Design varied from Marder-class to Marder-class and the Marder III was no different. The III series featured a more refined purpose-driven look with a stable chassis mounting four road wheels to a side. The main gun sat fixed in the superstructure which was opened on top and the rear, exposing the gun crew to grenade attack, small arms, shrapnel and the elements while at the same time saving on weight and improving speed. The Marder III first appeared in March of 1942 as the Panzerjager 38(t) Sd.Kfz 139, Marder III fitted with captured specimens of the Soviet-built 7.62-cm main gun. Some 340 examples of this type were produced. The follow-up version became the Panzerjager 38(t) Sd.Kfz 138, Marder III Ausf H, this one fitted with the 3" 7.5-cm PaK 40 anti-tank gun with a better armored sloping shield superstructure. The final main version became the Panzerjager 38(t) Sd.Kfz 138, Marder III Ausf M. This model saw a major revision to the Marder III's layout in that the engine was moved closer to the middle of the hull and the superstructure was mounted further aft to balance the vehicle out more efficiently. A newer engine provided for a greater output of 150 horsepower over the original types. Production lasted up until 1944 to which over 800 Ausf H and Ausf M models were produced alone to the tune of 1,143 Marder III's altogether. Defensive armament was two 7.92mm MG34 or MG42 machine guns – one in a trainable (yet exposed) mounting in the upper superstructure and the other in a fixed position in the bow.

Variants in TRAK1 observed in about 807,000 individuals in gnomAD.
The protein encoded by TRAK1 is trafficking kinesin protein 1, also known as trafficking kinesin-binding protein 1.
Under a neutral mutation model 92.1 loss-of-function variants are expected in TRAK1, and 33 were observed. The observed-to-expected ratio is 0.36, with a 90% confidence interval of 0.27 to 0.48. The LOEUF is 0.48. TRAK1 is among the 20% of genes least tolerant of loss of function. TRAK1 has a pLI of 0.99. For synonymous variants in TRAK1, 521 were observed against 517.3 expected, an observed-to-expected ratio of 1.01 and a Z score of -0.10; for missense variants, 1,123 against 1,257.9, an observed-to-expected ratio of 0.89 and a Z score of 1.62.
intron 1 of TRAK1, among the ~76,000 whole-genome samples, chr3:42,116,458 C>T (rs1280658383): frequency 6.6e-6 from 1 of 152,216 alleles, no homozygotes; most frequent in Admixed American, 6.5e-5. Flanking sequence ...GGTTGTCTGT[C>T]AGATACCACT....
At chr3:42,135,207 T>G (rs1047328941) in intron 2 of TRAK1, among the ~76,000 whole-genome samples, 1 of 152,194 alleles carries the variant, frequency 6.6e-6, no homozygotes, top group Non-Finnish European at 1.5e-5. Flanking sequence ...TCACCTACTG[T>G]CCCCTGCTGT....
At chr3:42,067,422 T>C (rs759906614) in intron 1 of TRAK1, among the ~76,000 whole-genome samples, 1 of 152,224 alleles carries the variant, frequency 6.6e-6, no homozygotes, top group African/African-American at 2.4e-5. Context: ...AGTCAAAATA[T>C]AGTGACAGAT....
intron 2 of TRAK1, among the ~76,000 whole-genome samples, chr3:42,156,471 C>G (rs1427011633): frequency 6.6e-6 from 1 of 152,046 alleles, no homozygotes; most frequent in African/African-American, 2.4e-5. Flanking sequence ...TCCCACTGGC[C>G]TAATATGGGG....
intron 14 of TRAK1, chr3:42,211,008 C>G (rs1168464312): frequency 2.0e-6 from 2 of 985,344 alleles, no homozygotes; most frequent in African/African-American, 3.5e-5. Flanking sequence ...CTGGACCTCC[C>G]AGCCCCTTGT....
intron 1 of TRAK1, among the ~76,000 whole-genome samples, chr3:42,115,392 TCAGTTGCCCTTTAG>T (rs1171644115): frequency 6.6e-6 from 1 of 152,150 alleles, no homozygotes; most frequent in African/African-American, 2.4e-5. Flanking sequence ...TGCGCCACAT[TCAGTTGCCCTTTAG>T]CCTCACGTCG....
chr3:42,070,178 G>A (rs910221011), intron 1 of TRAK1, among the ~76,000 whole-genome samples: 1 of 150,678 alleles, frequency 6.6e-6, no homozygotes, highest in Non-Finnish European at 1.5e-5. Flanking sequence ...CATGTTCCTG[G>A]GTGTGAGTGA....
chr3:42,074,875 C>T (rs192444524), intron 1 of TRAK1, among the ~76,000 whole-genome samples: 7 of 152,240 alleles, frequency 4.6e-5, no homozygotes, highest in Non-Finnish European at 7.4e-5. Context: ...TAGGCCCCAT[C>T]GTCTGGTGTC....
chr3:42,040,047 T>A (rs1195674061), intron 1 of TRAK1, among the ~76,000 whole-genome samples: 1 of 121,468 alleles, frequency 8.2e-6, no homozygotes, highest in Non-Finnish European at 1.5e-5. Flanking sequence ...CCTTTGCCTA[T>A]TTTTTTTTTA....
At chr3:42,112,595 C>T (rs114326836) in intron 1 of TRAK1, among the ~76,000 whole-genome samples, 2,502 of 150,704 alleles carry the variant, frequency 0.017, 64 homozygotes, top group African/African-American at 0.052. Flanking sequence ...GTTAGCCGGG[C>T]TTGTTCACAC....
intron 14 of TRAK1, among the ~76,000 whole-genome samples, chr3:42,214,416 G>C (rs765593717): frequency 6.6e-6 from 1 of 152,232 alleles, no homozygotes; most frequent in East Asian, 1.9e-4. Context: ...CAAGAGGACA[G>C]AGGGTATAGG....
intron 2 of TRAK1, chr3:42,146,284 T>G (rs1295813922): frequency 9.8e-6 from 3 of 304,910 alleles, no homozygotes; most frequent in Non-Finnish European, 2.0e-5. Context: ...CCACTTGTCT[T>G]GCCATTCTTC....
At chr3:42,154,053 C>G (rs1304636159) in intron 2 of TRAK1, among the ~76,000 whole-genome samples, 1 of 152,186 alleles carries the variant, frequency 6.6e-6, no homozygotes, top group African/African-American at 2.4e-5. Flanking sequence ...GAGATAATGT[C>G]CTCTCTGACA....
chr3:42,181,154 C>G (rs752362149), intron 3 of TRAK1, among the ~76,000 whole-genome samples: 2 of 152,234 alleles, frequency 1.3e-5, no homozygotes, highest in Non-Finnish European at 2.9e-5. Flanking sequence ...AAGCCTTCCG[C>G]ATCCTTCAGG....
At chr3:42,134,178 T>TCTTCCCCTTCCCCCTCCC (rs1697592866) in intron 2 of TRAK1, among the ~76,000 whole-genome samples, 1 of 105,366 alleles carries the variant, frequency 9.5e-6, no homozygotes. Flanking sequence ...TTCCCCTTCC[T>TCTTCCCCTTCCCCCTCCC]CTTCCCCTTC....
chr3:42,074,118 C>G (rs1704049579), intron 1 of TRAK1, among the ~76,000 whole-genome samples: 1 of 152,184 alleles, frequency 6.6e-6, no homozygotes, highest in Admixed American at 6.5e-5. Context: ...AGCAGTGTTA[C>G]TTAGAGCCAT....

Like the Marder models before it, the Marder III was primarily concentrated to the East Front, though the weapon could be found everywhere German infantry forces operated. The Marder III's proved just as resilient as her predecessors and the main gun could face off against any of the Allied armor with the exception of the Soviet heavy tank systems. The exposed crew in the tall superstructure and light armoring along the sides meant that the vehicle was not without weakness. An additional factor was that, with the static superstructure being fitted to the chassis, the entire vehicle had to be positioned to the direction of desired fire. This made the Marder III adequate in an ambush role, fixed defensive role or calibrated offensive artillery role from a distance but a liability in a moving or close-in standup fight. In any case, her main armament was respected and feared alike and her proper use and ease of production ensured her a mention in any listing of World War 2 mobile artillery systems.